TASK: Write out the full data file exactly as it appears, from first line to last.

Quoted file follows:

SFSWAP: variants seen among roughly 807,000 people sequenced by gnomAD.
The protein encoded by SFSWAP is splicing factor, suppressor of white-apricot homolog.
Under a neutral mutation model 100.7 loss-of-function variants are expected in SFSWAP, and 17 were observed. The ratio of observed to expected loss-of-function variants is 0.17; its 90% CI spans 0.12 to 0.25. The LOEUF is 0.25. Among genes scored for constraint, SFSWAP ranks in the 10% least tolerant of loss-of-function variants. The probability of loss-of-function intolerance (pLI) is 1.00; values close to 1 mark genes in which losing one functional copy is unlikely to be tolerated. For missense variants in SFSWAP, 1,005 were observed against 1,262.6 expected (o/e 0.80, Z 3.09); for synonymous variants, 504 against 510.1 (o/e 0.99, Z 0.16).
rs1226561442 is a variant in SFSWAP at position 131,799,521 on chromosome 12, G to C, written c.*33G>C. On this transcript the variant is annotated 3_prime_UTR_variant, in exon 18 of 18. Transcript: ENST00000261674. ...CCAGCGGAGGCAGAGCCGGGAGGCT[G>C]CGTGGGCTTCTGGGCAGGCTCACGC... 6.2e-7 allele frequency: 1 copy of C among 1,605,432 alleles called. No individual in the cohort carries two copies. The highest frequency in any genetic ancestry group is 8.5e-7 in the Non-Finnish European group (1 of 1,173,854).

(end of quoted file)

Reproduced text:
SFSWAP: variants seen among roughly 807,000 people sequenced by gnomAD.
The protein encoded by SFSWAP is splicing factor, suppressor of white-apricot homolog.
Under a neutral mutation model 100.7 loss-of-function variants are expected in SFSWAP, and 17 were observed. The ratio of observed to expected loss-of-function variants is 0.17; its 90% CI spans 0.12 to 0.25. The LOEUF is 0.25. Among genes scored for constraint, SFSWAP ranks in the 10% least tolerant of loss-of-function variants. The probability of loss-of-function intolerance (pLI) is 1.00; values close to 1 mark genes in which losing one functional copy is unlikely to be tolerated. For missense variants in SFSWAP, 1,005 were observed against 1,262.6 expected (o/e 0.80, Z 3.09); for synonymous variants, 504 against 510.1 (o/e 0.99, Z 0.16).
rs1226561442 is a variant in SFSWAP at position 131,799,521 on chromosome 12, G to C, written c.*33G>C. On this transcript the variant is annotated 3_prime_UTR_variant, in exon 18 of 18. Transcript: ENST00000261674. ...CCAGCGGAGGCAGAGCCGGGAGGCT[G>C]CGTGGGCTTCTGGGCAGGCTCACGC... 6.2e-7 allele frequency: 1 copy of C among 1,605,432 alleles called. No individual in the cohort carries two copies. The highest frequency in any genetic ancestry group is 8.5e-7 in the Non-Finnish European group (1 of 1,173,854).